Digital Editions Reverting to Artists

It’s been a long time between updates.

I’m not as active online because I’m writing. Final edits of the first novel in my Femitokon series take up so much of my computer time. I made a decision regarding the digital editions of my graphic novels:

Starting in June, Gynocrat Ink is turning over all digital graphic novel titles, to the artists.

Since Amazon decided it has so much digital content in their catalog they should sell select search placement, it’s a little hard to find my titles. Unless you type my name, the artist’s name, or the title itself, you won’t find my books under their intended genre or category, via search.  Naturally, this has led to a dip in sales. This was the first year in many, that I made under the threshold set for filing sales in the my taxes.

Another factor that’s killing sales is my inability to update the image content in my books. I know how to do it–I was digitalizing my comics long before my peers, but these days, I just don’t have the time. Optimizing image files takes hours, even with programs suited to do it “for you”. I don’t have that kind of time, and unless they’re optimized, we cannot earn 70% per title sold. When you take the 70% option, Amazon charges a delivery fee (for large files). That delivery fee was eating into our 70% to the tune of us “losing” money per download. I was forced to collect 35%, to avoid it.

Final factor for my decision: I’m moving back to the northeast, and don’t plan to self-publish anymore. My writing hack led to great opportunities for me in the past two years, and gave me the confidence to finish my series, and seek submission the old fashioned way. Holding onto a business account just to collect modest digital sales, seems pointless.

Turning these editions over to the artists allows them to continue to collect on their hard work–as artists. They’re also in better positions to edit and optimize the books–to increase sales. If the title disappears (starting in May), do not worry, the artists will begin reselling them when they can.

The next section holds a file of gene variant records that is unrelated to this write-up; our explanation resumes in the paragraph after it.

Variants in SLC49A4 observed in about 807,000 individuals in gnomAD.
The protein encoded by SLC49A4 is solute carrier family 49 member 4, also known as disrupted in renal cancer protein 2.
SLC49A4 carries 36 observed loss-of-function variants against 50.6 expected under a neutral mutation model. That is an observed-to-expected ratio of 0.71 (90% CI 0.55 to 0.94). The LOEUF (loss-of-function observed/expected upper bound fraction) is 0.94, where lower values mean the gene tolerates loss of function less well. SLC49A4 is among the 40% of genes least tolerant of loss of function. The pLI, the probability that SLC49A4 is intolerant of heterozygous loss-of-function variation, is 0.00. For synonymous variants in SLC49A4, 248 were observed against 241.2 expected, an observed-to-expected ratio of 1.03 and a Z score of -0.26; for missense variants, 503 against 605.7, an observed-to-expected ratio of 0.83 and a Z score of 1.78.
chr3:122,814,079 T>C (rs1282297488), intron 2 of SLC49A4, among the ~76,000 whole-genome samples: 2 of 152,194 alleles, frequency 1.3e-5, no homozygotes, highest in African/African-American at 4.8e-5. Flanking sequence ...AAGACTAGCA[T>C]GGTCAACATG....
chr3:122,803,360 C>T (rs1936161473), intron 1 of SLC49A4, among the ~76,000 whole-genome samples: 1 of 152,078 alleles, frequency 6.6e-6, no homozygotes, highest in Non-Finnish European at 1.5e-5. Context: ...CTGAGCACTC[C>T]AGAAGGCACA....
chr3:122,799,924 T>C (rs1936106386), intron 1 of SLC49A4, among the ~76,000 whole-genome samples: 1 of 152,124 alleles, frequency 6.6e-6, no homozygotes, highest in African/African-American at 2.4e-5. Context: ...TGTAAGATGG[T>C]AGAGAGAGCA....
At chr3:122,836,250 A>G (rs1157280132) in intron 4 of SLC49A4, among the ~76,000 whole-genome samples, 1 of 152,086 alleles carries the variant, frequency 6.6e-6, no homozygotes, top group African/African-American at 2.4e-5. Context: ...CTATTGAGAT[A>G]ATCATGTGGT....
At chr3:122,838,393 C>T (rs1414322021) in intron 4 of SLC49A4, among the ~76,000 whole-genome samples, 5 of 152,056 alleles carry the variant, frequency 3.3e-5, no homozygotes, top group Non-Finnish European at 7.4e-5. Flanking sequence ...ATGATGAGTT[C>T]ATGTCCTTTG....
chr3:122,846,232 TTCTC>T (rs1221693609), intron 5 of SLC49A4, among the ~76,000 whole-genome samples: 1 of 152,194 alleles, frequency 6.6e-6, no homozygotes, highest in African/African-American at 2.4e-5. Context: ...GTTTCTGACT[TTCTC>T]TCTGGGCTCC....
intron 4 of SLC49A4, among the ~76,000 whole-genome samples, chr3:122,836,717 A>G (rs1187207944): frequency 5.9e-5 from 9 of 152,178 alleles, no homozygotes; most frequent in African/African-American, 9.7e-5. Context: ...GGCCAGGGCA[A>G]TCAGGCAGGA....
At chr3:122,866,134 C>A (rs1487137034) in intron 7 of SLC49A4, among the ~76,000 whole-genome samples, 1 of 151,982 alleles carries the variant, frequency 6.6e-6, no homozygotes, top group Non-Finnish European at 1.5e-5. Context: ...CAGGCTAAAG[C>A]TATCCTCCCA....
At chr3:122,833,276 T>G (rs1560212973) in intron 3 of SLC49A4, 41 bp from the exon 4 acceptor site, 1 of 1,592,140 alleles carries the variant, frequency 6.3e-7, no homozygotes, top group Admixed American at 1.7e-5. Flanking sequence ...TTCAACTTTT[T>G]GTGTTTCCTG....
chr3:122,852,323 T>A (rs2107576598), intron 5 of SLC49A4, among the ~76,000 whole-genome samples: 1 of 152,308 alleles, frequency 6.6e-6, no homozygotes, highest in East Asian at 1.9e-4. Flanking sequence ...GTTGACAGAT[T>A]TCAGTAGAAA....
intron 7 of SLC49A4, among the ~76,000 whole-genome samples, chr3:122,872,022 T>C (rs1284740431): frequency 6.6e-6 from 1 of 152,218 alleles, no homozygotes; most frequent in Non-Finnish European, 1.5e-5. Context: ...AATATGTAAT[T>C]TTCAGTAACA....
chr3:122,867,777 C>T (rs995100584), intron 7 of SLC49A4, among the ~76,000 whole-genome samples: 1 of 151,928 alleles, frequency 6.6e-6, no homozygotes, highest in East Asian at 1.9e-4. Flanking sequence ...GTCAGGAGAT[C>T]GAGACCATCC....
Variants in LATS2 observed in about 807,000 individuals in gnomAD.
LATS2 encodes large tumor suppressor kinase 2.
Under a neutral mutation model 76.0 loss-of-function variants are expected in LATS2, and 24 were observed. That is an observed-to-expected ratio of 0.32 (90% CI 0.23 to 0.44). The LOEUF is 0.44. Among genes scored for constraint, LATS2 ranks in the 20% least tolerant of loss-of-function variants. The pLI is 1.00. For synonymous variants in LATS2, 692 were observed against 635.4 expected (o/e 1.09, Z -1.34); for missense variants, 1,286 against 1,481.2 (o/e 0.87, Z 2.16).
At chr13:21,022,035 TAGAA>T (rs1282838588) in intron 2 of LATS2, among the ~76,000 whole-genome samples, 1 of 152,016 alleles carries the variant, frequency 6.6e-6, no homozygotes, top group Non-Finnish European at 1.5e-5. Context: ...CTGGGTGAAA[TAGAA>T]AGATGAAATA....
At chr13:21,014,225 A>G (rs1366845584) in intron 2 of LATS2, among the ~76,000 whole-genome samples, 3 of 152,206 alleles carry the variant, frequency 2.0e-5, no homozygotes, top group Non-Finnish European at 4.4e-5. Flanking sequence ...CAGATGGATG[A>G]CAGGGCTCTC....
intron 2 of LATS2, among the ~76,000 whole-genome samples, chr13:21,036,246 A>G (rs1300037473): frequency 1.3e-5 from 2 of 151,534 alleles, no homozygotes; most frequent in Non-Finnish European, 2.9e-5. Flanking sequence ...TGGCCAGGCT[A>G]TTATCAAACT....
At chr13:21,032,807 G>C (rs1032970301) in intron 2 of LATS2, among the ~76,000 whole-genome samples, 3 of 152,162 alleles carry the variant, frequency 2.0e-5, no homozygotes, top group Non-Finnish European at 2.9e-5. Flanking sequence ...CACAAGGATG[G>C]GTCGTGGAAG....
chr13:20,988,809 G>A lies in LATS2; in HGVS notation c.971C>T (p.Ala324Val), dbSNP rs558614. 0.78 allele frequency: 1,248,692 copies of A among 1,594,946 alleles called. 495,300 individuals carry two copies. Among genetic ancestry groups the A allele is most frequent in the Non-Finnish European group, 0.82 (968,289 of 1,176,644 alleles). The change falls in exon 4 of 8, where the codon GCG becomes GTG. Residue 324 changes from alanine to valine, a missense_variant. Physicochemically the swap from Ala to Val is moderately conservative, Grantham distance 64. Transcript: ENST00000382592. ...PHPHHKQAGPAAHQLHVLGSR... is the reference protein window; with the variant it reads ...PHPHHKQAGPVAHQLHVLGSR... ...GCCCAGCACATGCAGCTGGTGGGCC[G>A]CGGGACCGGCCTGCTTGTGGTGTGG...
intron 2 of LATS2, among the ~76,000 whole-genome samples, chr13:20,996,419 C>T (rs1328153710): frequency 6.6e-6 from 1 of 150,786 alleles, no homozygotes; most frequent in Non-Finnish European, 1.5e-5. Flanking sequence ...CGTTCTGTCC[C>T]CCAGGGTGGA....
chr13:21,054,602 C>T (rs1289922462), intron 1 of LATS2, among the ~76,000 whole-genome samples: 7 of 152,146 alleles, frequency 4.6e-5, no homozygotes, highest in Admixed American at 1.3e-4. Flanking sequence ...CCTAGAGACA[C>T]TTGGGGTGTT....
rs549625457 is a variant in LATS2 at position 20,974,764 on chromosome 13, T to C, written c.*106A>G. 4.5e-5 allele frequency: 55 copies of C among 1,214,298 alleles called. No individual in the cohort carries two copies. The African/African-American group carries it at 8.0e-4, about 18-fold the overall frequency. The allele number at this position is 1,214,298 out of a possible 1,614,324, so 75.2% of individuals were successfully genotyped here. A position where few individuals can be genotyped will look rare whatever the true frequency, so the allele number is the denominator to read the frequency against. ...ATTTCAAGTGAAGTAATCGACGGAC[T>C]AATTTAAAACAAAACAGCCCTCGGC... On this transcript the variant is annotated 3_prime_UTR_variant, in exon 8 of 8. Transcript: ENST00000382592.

Print copies will remain for sale, as they’re distributed, and I need not worry about upgrading anything to suit the latest eReader-technology.

Past Transphobic Missteps

Many of you know that I’m the parent of a trans-teen, so there’s certain issues and causes I’m passionate about–but I’m hesitant to throw my hat in the ring when readers are critical of authors misrepresenting trans people. Why? –because my first erotic horror novel did just that.


Art by Laura Carboni

I crafted Gadarene as an ill-informed CIS-gendered heterosexual, and the trans character in the book displays many idealized misconceptions CIS people have about transwomen. I got away with it I think because the character was emotionally traumatized, and the angst over identity formula is often given a quiet pass. When I look back at Gadarane, I can see that making Wira Boruta deny her true nature toward the end, wasn’t just my ignorant way of making m/m fans happy—it was my ignorant way of viewing a transwoman.

My teen is a non-binary transperson (back then they were 9 nine years old, unable to engage in a dialog with me about my problematic representation of Wira). Having grown with them and seen the struggles, the ignorance, and the downright wrongness aimed at gay and lesbian transpeople, I’m regretful of my CIS colored heteronormative representation of Wira Boruta.

I’m proud of the story that C.B. Potts helped me tell in Gadarene, but I’m ashamed of the choices I made in depicting my trans-character.

Flash forward many years later, to a short story I wrote for an Eastern European magazine. The transman Jonathan Cole in the short Mine to Keep, doesn’t get the full realization Wira did in Gadarene—but my positive representation of him is sullied when falls victim to the sociopathic ego of the surgeon, that made him the man he was born to be.

My teen doesn’t read my erotic works, but upon explanation of the character, found (my) healthy depiction of a transman got ruined by the violence (I) perpetrated against him. They asked me to stop writing transpeople if you can’t portray them without beating them up with your own baggage. I almost dismissed their words, because I beat up every character I write with my own baggage—no matter what their identity, but my teen is right, maybe I should step away if my only use for a trans character is to eroticize, or victimize, or worse.

New Scam Out There

This is a tricky one, because you’ll risk alienating real readers that do contact you–but if you explain to them beforehand why you’re responding to them this way, it’ll go over easy.

A few years back when I was releasing work and marketing it, I’d get emails asking for autographed copies of my books. The sender would go into detail about what books they read, what they liked about them, and would give me their opinions on the artists I worked with—on any given title. It was more than a stock, hey I like your work can I get an autograph.